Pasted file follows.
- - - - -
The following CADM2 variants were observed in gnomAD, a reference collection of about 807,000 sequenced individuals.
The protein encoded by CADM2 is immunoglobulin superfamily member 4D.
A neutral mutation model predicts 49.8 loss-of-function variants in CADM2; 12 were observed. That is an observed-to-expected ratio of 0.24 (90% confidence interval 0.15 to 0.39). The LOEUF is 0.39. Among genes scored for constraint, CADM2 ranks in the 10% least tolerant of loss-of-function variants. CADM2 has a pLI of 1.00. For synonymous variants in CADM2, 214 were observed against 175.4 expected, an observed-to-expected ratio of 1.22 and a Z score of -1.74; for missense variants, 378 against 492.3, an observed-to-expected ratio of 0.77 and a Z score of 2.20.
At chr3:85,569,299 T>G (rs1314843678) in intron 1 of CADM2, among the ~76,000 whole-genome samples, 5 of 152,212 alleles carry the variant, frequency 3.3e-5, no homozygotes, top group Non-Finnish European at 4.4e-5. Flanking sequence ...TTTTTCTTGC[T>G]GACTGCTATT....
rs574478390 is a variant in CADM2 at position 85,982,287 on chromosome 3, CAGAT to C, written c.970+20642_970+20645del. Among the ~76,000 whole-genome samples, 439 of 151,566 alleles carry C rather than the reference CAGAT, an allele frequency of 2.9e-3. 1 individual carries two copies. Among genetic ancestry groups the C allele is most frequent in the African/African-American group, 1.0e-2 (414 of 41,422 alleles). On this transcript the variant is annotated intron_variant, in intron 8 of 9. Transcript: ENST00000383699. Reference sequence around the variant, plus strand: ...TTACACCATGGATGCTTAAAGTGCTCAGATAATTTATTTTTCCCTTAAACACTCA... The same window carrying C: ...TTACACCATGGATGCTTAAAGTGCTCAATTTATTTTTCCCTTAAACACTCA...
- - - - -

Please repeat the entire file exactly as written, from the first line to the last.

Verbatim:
The following CADM2 variants were observed in gnomAD, a reference collection of about 807,000 sequenced individuals.
The protein encoded by CADM2 is immunoglobulin superfamily member 4D.
A neutral mutation model predicts 49.8 loss-of-function variants in CADM2; 12 were observed. That is an observed-to-expected ratio of 0.24 (90% confidence interval 0.15 to 0.39). The LOEUF is 0.39. Among genes scored for constraint, CADM2 ranks in the 10% least tolerant of loss-of-function variants. CADM2 has a pLI of 1.00. For synonymous variants in CADM2, 214 were observed against 175.4 expected, an observed-to-expected ratio of 1.22 and a Z score of -1.74; for missense variants, 378 against 492.3, an observed-to-expected ratio of 0.77 and a Z score of 2.20.
At chr3:85,569,299 T>G (rs1314843678) in intron 1 of CADM2, among the ~76,000 whole-genome samples, 5 of 152,212 alleles carry the variant, frequency 3.3e-5, no homozygotes, top group Non-Finnish European at 4.4e-5. Flanking sequence ...TTTTTCTTGC[T>G]GACTGCTATT....
rs574478390 is a variant in CADM2 at position 85,982,287 on chromosome 3, CAGAT to C, written c.970+20642_970+20645del. Among the ~76,000 whole-genome samples, 439 of 151,566 alleles carry C rather than the reference CAGAT, an allele frequency of 2.9e-3. 1 individual carries two copies. Among genetic ancestry groups the C allele is most frequent in the African/African-American group, 1.0e-2 (414 of 41,422 alleles). On this transcript the variant is annotated intron_variant, in intron 8 of 9. Transcript: ENST00000383699. Reference sequence around the variant, plus strand: ...TTACACCATGGATGCTTAAAGTGCTCAGATAATTTATTTTTCCCTTAAACACTCA... The same window carrying C: ...TTACACCATGGATGCTTAAAGTGCTCAATTTATTTTTCCCTTAAACACTCA...